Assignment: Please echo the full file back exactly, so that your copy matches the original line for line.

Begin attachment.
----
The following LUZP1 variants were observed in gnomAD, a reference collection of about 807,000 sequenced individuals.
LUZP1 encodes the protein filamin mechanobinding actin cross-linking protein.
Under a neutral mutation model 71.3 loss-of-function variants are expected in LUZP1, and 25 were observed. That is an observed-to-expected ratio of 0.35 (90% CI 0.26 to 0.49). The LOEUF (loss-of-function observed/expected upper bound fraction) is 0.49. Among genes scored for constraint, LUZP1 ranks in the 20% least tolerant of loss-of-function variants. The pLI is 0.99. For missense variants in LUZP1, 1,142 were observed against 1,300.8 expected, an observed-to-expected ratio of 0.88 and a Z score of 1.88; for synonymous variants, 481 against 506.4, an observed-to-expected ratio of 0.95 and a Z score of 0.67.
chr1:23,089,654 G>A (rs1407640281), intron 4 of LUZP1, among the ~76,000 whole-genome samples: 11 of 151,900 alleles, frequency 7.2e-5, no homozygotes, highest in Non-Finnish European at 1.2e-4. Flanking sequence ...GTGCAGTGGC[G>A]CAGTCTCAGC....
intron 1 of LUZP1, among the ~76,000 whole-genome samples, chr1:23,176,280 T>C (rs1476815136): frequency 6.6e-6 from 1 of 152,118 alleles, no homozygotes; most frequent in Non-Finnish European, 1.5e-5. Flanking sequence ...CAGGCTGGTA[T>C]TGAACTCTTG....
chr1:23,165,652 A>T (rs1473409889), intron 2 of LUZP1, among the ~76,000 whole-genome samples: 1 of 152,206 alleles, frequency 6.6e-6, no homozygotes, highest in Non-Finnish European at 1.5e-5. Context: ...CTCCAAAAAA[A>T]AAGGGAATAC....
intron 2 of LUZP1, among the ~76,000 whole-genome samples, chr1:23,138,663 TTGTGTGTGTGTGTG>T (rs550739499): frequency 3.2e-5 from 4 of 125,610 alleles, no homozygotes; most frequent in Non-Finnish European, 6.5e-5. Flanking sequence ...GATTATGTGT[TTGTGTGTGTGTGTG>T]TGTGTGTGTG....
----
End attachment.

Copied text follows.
The following LUZP1 variants were observed in gnomAD, a reference collection of about 807,000 sequenced individuals.
LUZP1 encodes the protein filamin mechanobinding actin cross-linking protein.
Under a neutral mutation model 71.3 loss-of-function variants are expected in LUZP1, and 25 were observed. That is an observed-to-expected ratio of 0.35 (90% CI 0.26 to 0.49). The LOEUF (loss-of-function observed/expected upper bound fraction) is 0.49. Among genes scored for constraint, LUZP1 ranks in the 20% least tolerant of loss-of-function variants. The pLI is 0.99. For missense variants in LUZP1, 1,142 were observed against 1,300.8 expected, an observed-to-expected ratio of 0.88 and a Z score of 1.88; for synonymous variants, 481 against 506.4, an observed-to-expected ratio of 0.95 and a Z score of 0.67.
chr1:23,089,654 G>A (rs1407640281), intron 4 of LUZP1, among the ~76,000 whole-genome samples: 11 of 151,900 alleles, frequency 7.2e-5, no homozygotes, highest in Non-Finnish European at 1.2e-4. Flanking sequence ...GTGCAGTGGC[G>A]CAGTCTCAGC....
intron 1 of LUZP1, among the ~76,000 whole-genome samples, chr1:23,176,280 T>C (rs1476815136): frequency 6.6e-6 from 1 of 152,118 alleles, no homozygotes; most frequent in Non-Finnish European, 1.5e-5. Flanking sequence ...CAGGCTGGTA[T>C]TGAACTCTTG....
chr1:23,165,652 A>T (rs1473409889), intron 2 of LUZP1, among the ~76,000 whole-genome samples: 1 of 152,206 alleles, frequency 6.6e-6, no homozygotes, highest in Non-Finnish European at 1.5e-5. Context: ...CTCCAAAAAA[A>T]AAGGGAATAC....
intron 2 of LUZP1, among the ~76,000 whole-genome samples, chr1:23,138,663 TTGTGTGTGTGTGTG>T (rs550739499): frequency 3.2e-5 from 4 of 125,610 alleles, no homozygotes; most frequent in Non-Finnish European, 6.5e-5. Flanking sequence ...GATTATGTGT[TTGTGTGTGTGTGTG>T]TGTGTGTGTG....